Article  Google Scholar 

  3. Sahoo PK, Mishra S, Panigrahi R, Bhoi AK, Barsocchi P. An improvised deep-learning-based mask R-CNN model for laryngeal cancer detection using CT images. Sensors. 2022;22(22):8834. https://doi.org/10.3390/s22228834.

    Article  Google Scholar 

  4. Bernal J, Tajkbaksh N, Sanchez FJ, Matuszewski BJ, Chen H, Lequan Yu, et al. Comparative validation of polyp detection methods in video colonoscopy: results from the MICCAI 2015 endoscopic vision challenge. IEEE Trans Med Imaging. 2017;36(6):1231–49. https://doi.org/10.1109/TMI.2017.2664042.

    Article  Google Scholar 

  5. Shin Y, Qadir HA, Aabakken L, Bergsland J, Balasingham I. Automatic colon polyp detection using region based deep CNN and post learning approaches. IEEE Access. 2018;6:40950–62. https://doi.org/10.1109/ACCESS.2018.2856402.

    Article  Google Scholar 

  6. Urban G, Tripathi P, Alkayali T, Mittal M, Jalali F, Karnes W, et al. Deep learning localizes and identifies polyps in real time with 96% accuracy in screening colonoscopy. Gastroenterology. 2018;155(4):1069–78. https://doi.org/10.1053/j.gastro.2018.06.037.

    Article  Google Scholar 

  7. Verikas A, Gelzinis A, Bacauskiene M, Uloza V. Intelligent vocal cord image analysis for categorizing laryngeal diseases. In: Ali M, Esposito F, editors. International conference on industrial, engineering and other applications of allied intelligent systems. Berlin: Springer, Berlin Heidelberg; 2005. p. 69–78.

    Google Scholar 

  8. Verikas A, Gelzinis A, Bacauskiene M, Uloza V. Towards a computer-aided diagnosis system for vocal cord diseases. Artif Intell Med. 2006;36(1):71–84. https://doi.org/10.1016/j.artmed.2004.11.001.

    Article  Google Scholar 

  9. Paderno A, Holsinger FC, Piazza C. Videomics: bringing deep learning to diagnostic endoscopy. Curr Opin Otolaryngol Head Neck Surg. 2021;29(2):143–8. https://doi.org/10.1097/MOO.0000000000000697.

    Article  Google Scholar 

  10. Akshara R. Identification of throat cancer by machine learning: a survey. Turk J Comput Math Educ. 2021;12(11):633–8.

    Google Scholar 

  11. Ren J, Jing X, Wang J, Ren X, Xu Y, et al. Automatic recognition of laryngoscopic images using a deep-learning technique. Laryngoscope. 2020;130(11):686–93. https://doi.org/10.1002/lary.28539.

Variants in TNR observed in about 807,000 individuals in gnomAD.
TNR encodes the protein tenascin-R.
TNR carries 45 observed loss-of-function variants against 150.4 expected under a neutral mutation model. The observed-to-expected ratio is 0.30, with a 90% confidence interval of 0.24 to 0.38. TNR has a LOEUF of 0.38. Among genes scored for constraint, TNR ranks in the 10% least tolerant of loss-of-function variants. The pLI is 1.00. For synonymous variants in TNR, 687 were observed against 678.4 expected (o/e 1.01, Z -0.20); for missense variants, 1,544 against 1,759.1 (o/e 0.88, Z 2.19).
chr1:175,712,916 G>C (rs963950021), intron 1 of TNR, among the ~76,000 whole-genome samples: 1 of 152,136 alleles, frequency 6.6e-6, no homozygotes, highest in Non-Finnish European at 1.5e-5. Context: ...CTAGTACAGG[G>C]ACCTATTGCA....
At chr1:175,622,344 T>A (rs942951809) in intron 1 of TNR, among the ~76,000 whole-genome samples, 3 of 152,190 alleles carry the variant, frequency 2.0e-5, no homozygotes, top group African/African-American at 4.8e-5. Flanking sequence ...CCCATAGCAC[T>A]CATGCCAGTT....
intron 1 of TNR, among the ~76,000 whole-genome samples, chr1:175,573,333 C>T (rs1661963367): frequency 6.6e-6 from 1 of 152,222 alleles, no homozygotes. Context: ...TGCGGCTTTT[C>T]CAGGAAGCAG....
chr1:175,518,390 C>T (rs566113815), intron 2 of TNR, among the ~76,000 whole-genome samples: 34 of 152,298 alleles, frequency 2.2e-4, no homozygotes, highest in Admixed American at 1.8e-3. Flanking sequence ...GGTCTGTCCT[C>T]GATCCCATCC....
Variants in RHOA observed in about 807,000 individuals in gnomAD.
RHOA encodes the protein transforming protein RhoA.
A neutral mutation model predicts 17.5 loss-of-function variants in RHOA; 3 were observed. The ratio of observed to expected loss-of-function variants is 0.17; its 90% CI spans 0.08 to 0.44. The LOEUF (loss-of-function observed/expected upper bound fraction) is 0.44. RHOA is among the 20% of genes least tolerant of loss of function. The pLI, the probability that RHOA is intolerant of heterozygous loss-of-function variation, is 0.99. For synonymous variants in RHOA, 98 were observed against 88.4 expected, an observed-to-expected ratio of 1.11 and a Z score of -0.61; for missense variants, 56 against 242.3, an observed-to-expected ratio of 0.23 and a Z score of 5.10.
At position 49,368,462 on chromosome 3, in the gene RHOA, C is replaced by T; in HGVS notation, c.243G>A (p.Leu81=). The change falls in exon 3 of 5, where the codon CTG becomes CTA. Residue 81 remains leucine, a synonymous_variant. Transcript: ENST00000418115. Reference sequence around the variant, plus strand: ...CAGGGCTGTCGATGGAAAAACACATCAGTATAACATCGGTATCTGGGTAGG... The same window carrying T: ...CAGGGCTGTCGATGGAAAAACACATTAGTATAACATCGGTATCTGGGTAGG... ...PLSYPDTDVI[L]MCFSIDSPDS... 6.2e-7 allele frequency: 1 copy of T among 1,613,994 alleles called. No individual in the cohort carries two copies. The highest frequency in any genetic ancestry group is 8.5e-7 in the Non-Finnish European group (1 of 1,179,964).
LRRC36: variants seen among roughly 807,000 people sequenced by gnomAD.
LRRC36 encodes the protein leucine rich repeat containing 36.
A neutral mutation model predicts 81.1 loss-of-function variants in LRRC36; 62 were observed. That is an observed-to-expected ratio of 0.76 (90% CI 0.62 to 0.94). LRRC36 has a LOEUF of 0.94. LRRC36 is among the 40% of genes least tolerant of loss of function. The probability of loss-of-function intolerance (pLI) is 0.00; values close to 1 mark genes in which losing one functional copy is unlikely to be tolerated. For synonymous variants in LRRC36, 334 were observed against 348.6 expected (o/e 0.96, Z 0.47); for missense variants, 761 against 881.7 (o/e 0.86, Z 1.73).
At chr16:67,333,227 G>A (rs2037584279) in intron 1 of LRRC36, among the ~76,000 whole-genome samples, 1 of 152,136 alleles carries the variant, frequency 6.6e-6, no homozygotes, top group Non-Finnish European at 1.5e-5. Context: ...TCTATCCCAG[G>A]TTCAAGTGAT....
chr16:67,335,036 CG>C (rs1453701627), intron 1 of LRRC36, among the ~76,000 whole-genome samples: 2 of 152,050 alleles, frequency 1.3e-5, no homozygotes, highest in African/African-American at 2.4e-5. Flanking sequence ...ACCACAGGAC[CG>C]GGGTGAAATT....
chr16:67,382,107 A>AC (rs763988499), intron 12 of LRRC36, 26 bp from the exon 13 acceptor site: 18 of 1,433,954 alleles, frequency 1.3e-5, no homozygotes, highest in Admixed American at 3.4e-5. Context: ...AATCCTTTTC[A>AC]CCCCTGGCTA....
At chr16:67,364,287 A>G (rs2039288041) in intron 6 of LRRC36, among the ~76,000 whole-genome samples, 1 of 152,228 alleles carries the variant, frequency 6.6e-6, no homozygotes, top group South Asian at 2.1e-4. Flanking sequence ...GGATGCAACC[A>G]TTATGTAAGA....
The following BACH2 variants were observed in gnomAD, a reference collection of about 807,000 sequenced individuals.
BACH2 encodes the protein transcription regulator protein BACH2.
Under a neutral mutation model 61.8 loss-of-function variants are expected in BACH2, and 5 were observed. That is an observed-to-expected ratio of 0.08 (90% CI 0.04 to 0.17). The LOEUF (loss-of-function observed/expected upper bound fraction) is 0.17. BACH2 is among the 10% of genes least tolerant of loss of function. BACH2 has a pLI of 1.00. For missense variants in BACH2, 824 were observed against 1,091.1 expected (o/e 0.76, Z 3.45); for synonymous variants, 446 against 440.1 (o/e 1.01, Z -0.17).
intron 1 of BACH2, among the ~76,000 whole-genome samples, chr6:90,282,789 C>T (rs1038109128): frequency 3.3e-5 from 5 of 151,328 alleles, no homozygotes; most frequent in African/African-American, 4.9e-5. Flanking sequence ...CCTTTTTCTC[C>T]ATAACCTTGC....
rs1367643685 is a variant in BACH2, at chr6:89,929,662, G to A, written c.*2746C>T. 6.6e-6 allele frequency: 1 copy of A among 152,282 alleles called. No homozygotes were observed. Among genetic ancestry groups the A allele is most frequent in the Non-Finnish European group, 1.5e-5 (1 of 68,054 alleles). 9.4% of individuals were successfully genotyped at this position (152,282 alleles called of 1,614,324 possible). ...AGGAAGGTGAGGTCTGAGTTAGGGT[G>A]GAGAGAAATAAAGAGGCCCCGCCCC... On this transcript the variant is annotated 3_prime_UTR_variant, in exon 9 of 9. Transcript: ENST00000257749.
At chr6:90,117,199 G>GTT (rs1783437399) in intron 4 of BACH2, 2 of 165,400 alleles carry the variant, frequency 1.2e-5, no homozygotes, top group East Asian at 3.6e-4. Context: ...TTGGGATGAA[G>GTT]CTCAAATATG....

Article  Google Scholar 

  12. Zhao Q, He Y, Wu Huang D, Wang Y, Sun C, Ju J, et al. Vocal cord lesions classification based on deep convolutional neural network and transfer learning. Med Phys. 2022;49(1):432–42. https://doi.org/10.1002/mp.15371.

    Article  Google Scholar 

  13. Byeon H. Is deep learning better than machine learning to predict benign laryngeal disorders? Int J Adv Comput Sci Appl (IJACSA). 2021. https://doi.org/10.14569/IJACSA.2021.0120415.

    Article  Google Scholar 

  14. Larsen CF, Pedersen M. Comparison of convolutional neural networks for classification of vocal fold nodules from high-speed video images. Eur Arch Otorhinolaryngol. 2023;280(5):2365–71. https://doi.org/10.1007/s00405-022-07736-6.

    Article  Google Scholar 

  15. Cho WK, Choi SH. Comparison of convolutional neural network models for determination of vocal fold normality in laryngoscopic images. J Voice. 2020. https://doi.org/10.1016/j.jvoice.2020.08.003.

    Article  Google Scholar 

  16. Cho WK, Lee YJ, Joo HA, Jeong IS, Choi YJ, et al. Diagnostic accuracies of laryngeal disease using a convolutional neural network-based image classification system. Laryngoscope. 2021;131(11):2558–66. https://doi.org/10.1002/lary.29595.

    Article  Google Scholar 

  17. You Z, Yan Y, Shi Z, Zhao M, Yan J, Liu H, et al. Laryngeal leukoplakia classification via dense multiscale feature extraction in white light endoscopy images. ICASSP 2023—2023 IEEE international conference on acoustics, speech and signal processing (ICASSP). 2023;1–5. https://doi.org/10.1109/ICASSP49357.2023.10096995.

  18. Eggert D, Bengs M, Westermann S, Gessert N, Gerstner AOH, Mueller NA, et al. In vivo detection of head and neck tumors by hyperspectral imaging combined with deep learning methods. J Biophotonics. 2022;15(3):e202100167. https://doi.org/10.1002/jbio.202100167.

    Article  Google Scholar 

  19. Hu J, Luo J, Ren J, Lan L, Zhang Y, Lu D, et al. Applying deep learning with convolutional neural networks to laryngoscopic imaging for real-time automated segmentation and classification of vocal cord leukoplakia. Authorea. 2021. https://doi.org/10.22541/au.162859412.28073130/v1.

    Article  Google Scholar 

  20. Yan P, Li S, Zhou Z, Liu Q, Wu J, Ren Q, et al. Automated detection of laryngeal carcinoma in laryngoscopic images from a multicenter database using a convolutional neural network. Authorea. 2021. https://doi.org/10.22541/au.163285523.38983442/v1.

    Article  Google Scholar